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Biology – Cuckoo Eggs

Biology –  Cuckoo Eggs

| On 31, May 2018

Darrell Mann

The main attribute of the cuckoo is that it lays its eggs in other birds’ nests in order that other birds raise their offspring for them. We’ve mentioned this story in Issue 147 of the ezine. What we didn’t mention was the fact that, in order to ensure that the unfortunate surrogate parent bird doesn’t throw the cuckoo egg out of their nest, it has to be disguised to look like the eggs that are already there. They need to be the same colour and the same shape. Cuckoo eggs in other words, need to look different depending on the species of the surrogate parent bird.

For roughly a century, researchers have been trying to figure out how different female cuckoos manage to lay such a variety of different egg colors to match different host birds. Now, a group of researchers at the Norwegian University of Science and Technology (NTNU) has come up with an answer to this puzzle, in cooperation with researchers from all over Europe and Asia.

The short answer is that “the female bird decides everything,” says researcher Frode Fossøy.

Fossøy is part of the cuckoo research group at the Department of Biology at NTNU. The results of the group’s work have just been published in Nature Communications.

“We’ve been able to show for the first time that the blue egg color is inherited via the female cuckoo only. The father has no effect on the color of his daughter’s eggs,” says Fossøy.

Researchers have investigated a wide variety of samples from Europe and Asia. They found a clear relation between blue eggs and genetic material that only comes from the mother (mitochondrial DNA), and no relation between egg color and genetic material that comes from both parents (nuclear DNA).

Cuckoos (Cuculus canorus) are parasitic. Female cuckoos lay their eggs in the nests of other bird species, as is well known. The young cuckoo then usually throws the other chicks out of the nest, getting rid of any competition for the parents’ attention.

Potential host birds develop traits to prevent being tricked by the parasites – they get rid of eggs that don’t look like their own. To avoid this, female cuckoos need to lay eggs that look identical to that of the host bird’s, both in color and shape.

This means that there is a sort of evolutionary arms race going on between cuckoos and host birds, where cuckoo eggs come to resemble that of their host birds’ more and more over time.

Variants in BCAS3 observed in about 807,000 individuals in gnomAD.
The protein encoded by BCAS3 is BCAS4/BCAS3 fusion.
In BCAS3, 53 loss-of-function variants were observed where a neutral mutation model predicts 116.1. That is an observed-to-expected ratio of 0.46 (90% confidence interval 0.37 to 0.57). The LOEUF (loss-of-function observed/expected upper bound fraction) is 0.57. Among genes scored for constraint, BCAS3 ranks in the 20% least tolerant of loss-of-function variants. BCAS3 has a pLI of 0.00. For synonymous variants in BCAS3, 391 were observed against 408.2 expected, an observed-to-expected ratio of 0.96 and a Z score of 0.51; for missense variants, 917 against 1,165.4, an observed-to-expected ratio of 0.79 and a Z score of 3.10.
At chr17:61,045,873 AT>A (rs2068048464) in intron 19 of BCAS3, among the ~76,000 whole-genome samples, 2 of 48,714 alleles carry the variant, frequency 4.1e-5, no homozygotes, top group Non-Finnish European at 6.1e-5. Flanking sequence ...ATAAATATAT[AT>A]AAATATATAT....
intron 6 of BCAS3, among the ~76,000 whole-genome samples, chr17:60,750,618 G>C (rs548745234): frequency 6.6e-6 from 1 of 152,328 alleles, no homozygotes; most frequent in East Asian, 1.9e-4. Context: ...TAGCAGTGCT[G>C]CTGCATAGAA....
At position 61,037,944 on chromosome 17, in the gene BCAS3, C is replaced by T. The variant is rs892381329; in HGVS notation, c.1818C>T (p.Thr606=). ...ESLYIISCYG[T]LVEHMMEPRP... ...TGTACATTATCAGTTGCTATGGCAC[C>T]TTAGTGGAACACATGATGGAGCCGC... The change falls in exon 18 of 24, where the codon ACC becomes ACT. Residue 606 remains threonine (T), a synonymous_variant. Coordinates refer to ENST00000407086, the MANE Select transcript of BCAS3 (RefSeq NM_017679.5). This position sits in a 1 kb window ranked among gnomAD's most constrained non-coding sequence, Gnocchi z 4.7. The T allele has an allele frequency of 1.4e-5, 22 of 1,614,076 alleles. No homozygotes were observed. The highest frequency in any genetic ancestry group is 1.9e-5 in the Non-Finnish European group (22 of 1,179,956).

Different cuckoos can therefore lay eggs of many different colors and patterns. They can be blue, brown, green or grey, and have different combinations of spots and patterns. But each individual female cuckoo can only lay eggs in one color, so different females specialize on different host species. This is part of the reason why egg color is a trait inherited only from the female birds.

Males may make a mess of things

The research group doesn’t have definitive proof that all egg characteristics are inherited from the female bird, just that blue eggs are. Whether other egg colors are also only inherited via females is currently not known.

There has been speculation that cuckoos that lay blue eggs may actually be a different species, but no other characteristics indicate this. The nuclear DNA of the birds that lay blue eggs is the same as any other cuckoo — meaning that the species is the same.

A single male cuckoo can mate with several female birds that lay eggs of different colors. This could make a mess of things. If a male with genes for one color mated with a female with a different egg color, their daughter’s eggs could be an intermediate color that doesn’t match any host, meaning that host birds would be able to spot the difference and get rid of the parasitic egg.

For this reason, there are evolutionary advantages for both the male and female birds that only females carry the genetic trait for egg color. That way, their offspring will have a much greater chance of surviving.

The overall problem the cuckoo has had to evolve in the arms-race is being able to lay the right colour and shape of egg in the right surrogate nest. Here’s what the problem looks like from a Contradiction perspective:

Which seems to match up well with the evolved solution:

  • Principle 10/Principle 1 – different females specialise in different surrogate species
  • Principle 2 – take out the influence of the (random) male cuckoos

Journal Reference:

Frode Fossøy, Michael D Sorenson, Wei Liang, Torbjørn Ekrem, Arne Moksnes, Anders P Møller, Jarkko Rutila, Eivin Røskaft, Fugo Takasu, Canchao Yang, Bård G Stokke. Ancient origin and maternal inheritance of blue cuckoo eggs. Nature Communications, 2016; 7: 10272 DOI: 10.1038/ncomms10272

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